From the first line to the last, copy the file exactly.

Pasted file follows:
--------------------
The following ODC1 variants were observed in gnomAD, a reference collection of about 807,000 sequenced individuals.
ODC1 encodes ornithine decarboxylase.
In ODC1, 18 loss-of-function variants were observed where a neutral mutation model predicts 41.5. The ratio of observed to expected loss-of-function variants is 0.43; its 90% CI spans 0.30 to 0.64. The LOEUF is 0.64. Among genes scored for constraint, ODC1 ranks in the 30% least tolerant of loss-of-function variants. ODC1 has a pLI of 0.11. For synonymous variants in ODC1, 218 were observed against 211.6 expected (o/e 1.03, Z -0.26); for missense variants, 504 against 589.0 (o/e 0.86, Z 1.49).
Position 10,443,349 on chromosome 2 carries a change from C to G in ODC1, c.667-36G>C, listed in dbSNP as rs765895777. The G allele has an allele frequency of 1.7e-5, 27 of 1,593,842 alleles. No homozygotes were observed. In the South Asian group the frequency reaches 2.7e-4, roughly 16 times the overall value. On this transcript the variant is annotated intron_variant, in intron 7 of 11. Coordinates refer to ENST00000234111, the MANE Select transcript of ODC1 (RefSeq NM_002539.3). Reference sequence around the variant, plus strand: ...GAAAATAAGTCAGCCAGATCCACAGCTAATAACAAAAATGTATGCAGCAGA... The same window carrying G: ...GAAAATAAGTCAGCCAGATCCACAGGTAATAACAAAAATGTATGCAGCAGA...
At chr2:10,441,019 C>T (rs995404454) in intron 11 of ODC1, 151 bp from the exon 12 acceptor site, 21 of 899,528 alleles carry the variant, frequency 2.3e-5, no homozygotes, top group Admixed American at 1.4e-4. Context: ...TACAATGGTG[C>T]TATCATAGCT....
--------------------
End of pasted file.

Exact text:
The following ODC1 variants were observed in gnomAD, a reference collection of about 807,000 sequenced individuals.
ODC1 encodes ornithine decarboxylase.
In ODC1, 18 loss-of-function variants were observed where a neutral mutation model predicts 41.5. The ratio of observed to expected loss-of-function variants is 0.43; its 90% CI spans 0.30 to 0.64. The LOEUF is 0.64. Among genes scored for constraint, ODC1 ranks in the 30% least tolerant of loss-of-function variants. ODC1 has a pLI of 0.11. For synonymous variants in ODC1, 218 were observed against 211.6 expected (o/e 1.03, Z -0.26); for missense variants, 504 against 589.0 (o/e 0.86, Z 1.49).
Position 10,443,349 on chromosome 2 carries a change from C to G in ODC1, c.667-36G>C, listed in dbSNP as rs765895777. The G allele has an allele frequency of 1.7e-5, 27 of 1,593,842 alleles. No homozygotes were observed. In the South Asian group the frequency reaches 2.7e-4, roughly 16 times the overall value. On this transcript the variant is annotated intron_variant, in intron 7 of 11. Coordinates refer to ENST00000234111, the MANE Select transcript of ODC1 (RefSeq NM_002539.3). Reference sequence around the variant, plus strand: ...GAAAATAAGTCAGCCAGATCCACAGCTAATAACAAAAATGTATGCAGCAGA... The same window carrying G: ...GAAAATAAGTCAGCCAGATCCACAGGTAATAACAAAAATGTATGCAGCAGA...
At chr2:10,441,019 C>T (rs995404454) in intron 11 of ODC1, 151 bp from the exon 12 acceptor site, 21 of 899,528 alleles carry the variant, frequency 2.3e-5, no homozygotes, top group Admixed American at 1.4e-4. Context: ...TACAATGGTG[C>T]TATCATAGCT....